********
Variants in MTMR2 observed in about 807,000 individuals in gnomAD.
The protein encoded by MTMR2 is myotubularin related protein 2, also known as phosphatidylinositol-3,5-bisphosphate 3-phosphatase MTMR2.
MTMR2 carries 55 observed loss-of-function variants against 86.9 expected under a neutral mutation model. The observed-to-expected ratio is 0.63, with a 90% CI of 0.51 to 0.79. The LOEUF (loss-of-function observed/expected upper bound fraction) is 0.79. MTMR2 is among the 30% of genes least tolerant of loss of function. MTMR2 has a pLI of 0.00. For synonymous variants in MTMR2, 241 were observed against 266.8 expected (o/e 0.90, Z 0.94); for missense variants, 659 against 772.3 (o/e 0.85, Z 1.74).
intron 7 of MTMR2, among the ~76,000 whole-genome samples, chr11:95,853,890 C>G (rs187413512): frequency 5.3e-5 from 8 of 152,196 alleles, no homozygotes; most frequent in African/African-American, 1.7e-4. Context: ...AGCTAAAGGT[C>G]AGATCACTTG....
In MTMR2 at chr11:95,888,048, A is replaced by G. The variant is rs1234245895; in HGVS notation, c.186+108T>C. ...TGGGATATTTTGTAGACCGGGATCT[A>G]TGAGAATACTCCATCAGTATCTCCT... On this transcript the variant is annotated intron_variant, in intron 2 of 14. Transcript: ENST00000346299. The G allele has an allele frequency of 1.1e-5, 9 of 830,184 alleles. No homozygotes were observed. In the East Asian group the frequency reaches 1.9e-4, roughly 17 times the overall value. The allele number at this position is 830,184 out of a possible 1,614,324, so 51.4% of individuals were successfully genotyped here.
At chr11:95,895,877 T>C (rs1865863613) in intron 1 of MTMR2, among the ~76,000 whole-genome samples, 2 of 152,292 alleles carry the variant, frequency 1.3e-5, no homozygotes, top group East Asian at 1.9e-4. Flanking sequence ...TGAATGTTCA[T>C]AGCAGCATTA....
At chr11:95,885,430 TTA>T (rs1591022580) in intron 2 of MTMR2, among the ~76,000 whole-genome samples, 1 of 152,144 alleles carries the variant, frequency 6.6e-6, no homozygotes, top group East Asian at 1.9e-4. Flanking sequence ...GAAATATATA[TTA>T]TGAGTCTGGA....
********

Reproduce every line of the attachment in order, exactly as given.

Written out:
Variants in MTMR2 observed in about 807,000 individuals in gnomAD.
The protein encoded by MTMR2 is myotubularin related protein 2, also known as phosphatidylinositol-3,5-bisphosphate 3-phosphatase MTMR2.
MTMR2 carries 55 observed loss-of-function variants against 86.9 expected under a neutral mutation model. The observed-to-expected ratio is 0.63, with a 90% CI of 0.51 to 0.79. The LOEUF (loss-of-function observed/expected upper bound fraction) is 0.79. MTMR2 is among the 30% of genes least tolerant of loss of function. MTMR2 has a pLI of 0.00. For synonymous variants in MTMR2, 241 were observed against 266.8 expected (o/e 0.90, Z 0.94); for missense variants, 659 against 772.3 (o/e 0.85, Z 1.74).
intron 7 of MTMR2, among the ~76,000 whole-genome samples, chr11:95,853,890 C>G (rs187413512): frequency 5.3e-5 from 8 of 152,196 alleles, no homozygotes; most frequent in African/African-American, 1.7e-4. Context: ...AGCTAAAGGT[C>G]AGATCACTTG....
In MTMR2 at chr11:95,888,048, A is replaced by G. The variant is rs1234245895; in HGVS notation, c.186+108T>C. ...TGGGATATTTTGTAGACCGGGATCT[A>G]TGAGAATACTCCATCAGTATCTCCT... On this transcript the variant is annotated intron_variant, in intron 2 of 14. Transcript: ENST00000346299. The G allele has an allele frequency of 1.1e-5, 9 of 830,184 alleles. No homozygotes were observed. In the East Asian group the frequency reaches 1.9e-4, roughly 17 times the overall value. The allele number at this position is 830,184 out of a possible 1,614,324, so 51.4% of individuals were successfully genotyped here.
At chr11:95,895,877 T>C (rs1865863613) in intron 1 of MTMR2, among the ~76,000 whole-genome samples, 2 of 152,292 alleles carry the variant, frequency 1.3e-5, no homozygotes, top group East Asian at 1.9e-4. Flanking sequence ...TGAATGTTCA[T>C]AGCAGCATTA....
At chr11:95,885,430 TTA>T (rs1591022580) in intron 2 of MTMR2, among the ~76,000 whole-genome samples, 1 of 152,144 alleles carries the variant, frequency 6.6e-6, no homozygotes, top group East Asian at 1.9e-4. Flanking sequence ...GAAATATATA[TTA>T]TGAGTCTGGA....